Who’s the Top Dog? Choosing Your Next Manager
When you interview for a job in animal health, it can feel like all the pressure is on you: Will the hiring manager like you, appreciate your abilities, and offer you a place on her team? In reality, you are also interviewing the company and the manager. Evaluating your potential new manager is as important as evaluating the company culture and the job particulars.
Why picking your boss matters
Your manager has a dramatic effect on your day-to-day life. She sets the team’s tone; her feedback can inspire or discourage you. We all know the saying, “People don’t leave companies, they leave managers.” They also stay for good managers. In our most recent Animal Health Jobs Candidate Attitudinal Survey, having a supportive manager was nearly as important a reason for staying in a job as the level of compensation.
Because your direct manager is critical to your job satisfaction, understanding her expectations and leadership style is critical to assessing your new job opportunity.
Choosing your next manager: More than the interview
What is your new manager’s thinking style? Does she prioritize people development? Do your values mesh, or will you clash from day 1? Multiple avenues exist for finding insights into these points. Use them all.
- Review her LinkedIn profile Someone who has moved between companies, functions or regions may be more open to different points of view than someone who has spent their entire career within one team.
- Activate your network Animal health is a small industry; chances are good that you know some of the same people. Ask them what this person is like as a colleague or manager. Is she open to other points of view? How does she handle questions and challenges?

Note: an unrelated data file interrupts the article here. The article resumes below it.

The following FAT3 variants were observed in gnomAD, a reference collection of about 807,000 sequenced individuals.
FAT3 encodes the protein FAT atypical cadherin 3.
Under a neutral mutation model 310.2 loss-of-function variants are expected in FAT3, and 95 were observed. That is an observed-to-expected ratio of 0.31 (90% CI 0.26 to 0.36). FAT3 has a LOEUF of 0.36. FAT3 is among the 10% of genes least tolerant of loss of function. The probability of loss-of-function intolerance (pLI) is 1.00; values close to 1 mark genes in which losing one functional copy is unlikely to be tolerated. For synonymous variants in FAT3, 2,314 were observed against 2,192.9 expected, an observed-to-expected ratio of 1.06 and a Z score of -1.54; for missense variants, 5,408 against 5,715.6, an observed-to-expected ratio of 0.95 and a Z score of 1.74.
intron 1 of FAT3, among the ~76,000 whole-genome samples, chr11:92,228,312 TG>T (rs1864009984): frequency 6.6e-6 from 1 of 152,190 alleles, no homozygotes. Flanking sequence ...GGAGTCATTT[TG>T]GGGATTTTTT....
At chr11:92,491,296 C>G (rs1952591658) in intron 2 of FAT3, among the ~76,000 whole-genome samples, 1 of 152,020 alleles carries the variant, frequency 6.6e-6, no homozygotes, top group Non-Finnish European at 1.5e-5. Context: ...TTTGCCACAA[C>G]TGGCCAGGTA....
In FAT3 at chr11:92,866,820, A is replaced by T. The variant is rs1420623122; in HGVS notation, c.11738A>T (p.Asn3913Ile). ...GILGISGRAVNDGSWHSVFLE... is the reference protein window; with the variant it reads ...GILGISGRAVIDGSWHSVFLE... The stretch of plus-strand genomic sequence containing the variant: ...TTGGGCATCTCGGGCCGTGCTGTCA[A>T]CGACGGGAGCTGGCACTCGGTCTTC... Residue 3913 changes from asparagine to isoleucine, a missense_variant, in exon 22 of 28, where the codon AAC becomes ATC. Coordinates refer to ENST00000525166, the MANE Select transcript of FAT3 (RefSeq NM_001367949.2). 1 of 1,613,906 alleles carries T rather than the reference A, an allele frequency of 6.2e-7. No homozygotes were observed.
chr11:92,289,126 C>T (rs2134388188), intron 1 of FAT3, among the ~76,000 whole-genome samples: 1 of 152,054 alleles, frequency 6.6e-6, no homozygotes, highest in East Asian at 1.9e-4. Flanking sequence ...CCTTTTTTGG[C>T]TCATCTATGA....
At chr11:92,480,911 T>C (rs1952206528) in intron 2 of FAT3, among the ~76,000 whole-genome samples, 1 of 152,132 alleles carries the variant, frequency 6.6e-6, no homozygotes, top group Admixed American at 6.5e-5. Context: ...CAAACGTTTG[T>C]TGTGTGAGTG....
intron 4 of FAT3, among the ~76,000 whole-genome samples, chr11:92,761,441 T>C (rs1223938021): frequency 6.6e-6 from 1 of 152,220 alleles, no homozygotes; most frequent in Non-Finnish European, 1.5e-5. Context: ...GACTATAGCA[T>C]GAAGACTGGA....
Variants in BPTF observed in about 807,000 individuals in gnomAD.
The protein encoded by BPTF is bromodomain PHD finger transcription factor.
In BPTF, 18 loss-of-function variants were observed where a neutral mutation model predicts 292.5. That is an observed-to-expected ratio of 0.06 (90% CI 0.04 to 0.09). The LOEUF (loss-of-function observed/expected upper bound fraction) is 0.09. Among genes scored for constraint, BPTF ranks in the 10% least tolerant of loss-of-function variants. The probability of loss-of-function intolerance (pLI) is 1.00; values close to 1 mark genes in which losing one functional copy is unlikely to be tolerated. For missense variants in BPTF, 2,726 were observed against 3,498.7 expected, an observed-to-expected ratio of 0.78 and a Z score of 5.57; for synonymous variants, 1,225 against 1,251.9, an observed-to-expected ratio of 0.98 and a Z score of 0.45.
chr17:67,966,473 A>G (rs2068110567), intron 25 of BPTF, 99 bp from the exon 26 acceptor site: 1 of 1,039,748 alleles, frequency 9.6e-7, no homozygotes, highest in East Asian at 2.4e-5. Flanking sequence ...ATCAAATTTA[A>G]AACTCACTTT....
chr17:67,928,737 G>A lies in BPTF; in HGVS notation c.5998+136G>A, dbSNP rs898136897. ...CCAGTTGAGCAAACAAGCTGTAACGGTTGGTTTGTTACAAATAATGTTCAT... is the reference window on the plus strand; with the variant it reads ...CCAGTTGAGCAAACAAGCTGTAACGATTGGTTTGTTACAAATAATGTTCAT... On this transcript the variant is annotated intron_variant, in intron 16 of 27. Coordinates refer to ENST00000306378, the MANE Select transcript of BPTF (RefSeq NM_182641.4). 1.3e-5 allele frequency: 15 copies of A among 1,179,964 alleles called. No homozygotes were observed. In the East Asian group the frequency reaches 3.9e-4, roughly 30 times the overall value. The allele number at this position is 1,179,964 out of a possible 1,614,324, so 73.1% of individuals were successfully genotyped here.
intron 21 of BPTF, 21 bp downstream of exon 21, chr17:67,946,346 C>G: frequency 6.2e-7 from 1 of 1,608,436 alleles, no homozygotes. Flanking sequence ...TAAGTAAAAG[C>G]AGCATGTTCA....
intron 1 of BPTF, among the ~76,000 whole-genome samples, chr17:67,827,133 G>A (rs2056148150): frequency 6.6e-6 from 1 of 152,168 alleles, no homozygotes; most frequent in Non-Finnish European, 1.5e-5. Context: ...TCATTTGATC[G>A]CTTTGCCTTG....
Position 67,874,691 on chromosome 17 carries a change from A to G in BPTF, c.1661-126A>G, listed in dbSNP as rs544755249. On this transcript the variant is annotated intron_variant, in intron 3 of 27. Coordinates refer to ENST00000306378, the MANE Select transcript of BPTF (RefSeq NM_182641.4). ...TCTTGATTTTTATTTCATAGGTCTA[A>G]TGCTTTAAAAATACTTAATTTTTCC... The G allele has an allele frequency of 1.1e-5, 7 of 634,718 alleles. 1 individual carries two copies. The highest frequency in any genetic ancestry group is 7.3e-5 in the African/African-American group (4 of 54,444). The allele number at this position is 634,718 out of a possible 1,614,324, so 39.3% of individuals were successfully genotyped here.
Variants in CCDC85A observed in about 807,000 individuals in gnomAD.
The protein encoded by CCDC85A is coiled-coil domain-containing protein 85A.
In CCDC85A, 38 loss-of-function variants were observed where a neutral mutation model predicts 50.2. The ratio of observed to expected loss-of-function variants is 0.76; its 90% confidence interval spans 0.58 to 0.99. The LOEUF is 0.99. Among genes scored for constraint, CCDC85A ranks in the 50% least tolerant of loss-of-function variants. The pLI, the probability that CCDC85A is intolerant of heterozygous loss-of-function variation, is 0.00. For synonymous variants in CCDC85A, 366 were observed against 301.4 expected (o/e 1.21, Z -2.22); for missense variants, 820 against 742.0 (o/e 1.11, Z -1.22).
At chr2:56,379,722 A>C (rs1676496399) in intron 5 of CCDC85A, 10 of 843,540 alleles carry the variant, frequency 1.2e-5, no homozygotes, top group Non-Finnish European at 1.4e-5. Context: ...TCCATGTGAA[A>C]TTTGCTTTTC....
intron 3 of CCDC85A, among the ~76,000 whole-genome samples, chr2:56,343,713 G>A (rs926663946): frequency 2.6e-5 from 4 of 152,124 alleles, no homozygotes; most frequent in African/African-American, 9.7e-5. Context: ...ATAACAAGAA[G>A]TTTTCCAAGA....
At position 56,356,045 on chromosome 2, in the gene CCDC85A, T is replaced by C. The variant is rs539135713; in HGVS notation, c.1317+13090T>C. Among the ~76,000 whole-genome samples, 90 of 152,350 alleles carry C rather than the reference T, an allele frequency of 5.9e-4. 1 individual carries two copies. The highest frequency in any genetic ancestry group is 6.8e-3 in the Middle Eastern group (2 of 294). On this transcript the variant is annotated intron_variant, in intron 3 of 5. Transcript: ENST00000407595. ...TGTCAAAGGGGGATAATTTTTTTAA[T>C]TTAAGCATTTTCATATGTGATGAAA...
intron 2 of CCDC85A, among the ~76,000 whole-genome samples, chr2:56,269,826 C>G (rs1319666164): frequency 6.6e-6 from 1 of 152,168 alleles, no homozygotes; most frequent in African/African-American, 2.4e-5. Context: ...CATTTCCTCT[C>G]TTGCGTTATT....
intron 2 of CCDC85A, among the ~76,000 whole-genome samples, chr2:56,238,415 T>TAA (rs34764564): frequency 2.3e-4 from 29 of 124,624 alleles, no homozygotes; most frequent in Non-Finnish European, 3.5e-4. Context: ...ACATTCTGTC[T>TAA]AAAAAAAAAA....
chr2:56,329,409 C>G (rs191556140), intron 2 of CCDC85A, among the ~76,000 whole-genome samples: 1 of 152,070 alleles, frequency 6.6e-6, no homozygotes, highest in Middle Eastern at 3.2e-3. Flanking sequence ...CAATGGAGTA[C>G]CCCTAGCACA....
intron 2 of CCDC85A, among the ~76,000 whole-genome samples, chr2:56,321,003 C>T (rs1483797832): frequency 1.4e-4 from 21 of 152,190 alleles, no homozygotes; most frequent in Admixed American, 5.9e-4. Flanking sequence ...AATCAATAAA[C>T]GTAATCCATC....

- Check her online activities If your potential manager is an expert in some aspect of the animal health industry, look for videos of her talks at industry meetings. You’ll gain insights into how she presents herself, handles questions, and deals with stress.
Interviewing your potential manager
Come to the interview prepared to ask questions, as well as answer them. It’s perfectly acceptable to ask the hiring manager to describe her best or worst hires and why, or what it takes to work with her successfully. Ask about her ideal team culture, and what she does to create or maintain it.
A manager’s peers are also useful sources of insights. Ask other members of the interview panel about how they view the hiring manager’s particular strengths, or how they themselves have worked through disagreements with her. An interview is an information-gathering process for candidate and company, so asking these questions is absolutely fair game.
Find a manager with similar values
Every leader creates their team’s environment, within the company’s larger culture. If your values align with your new manager’s, you will be more likely to thrive in this next step along your animal health career path. If they don’t, you’ll soon be looking for greener pastures.
Just as you consider a job’s responsibilities, skill requirements, compensation and potential for growth, give time and attention to evaluating your future manager. You will be glad that you did.
If you’re in the hunt for a new top dog, you can find them at Animal Health Jobs. As the premier jobs marketplace in the industry, the best companies post their open roles with us. Post your resume now and find your next great manager.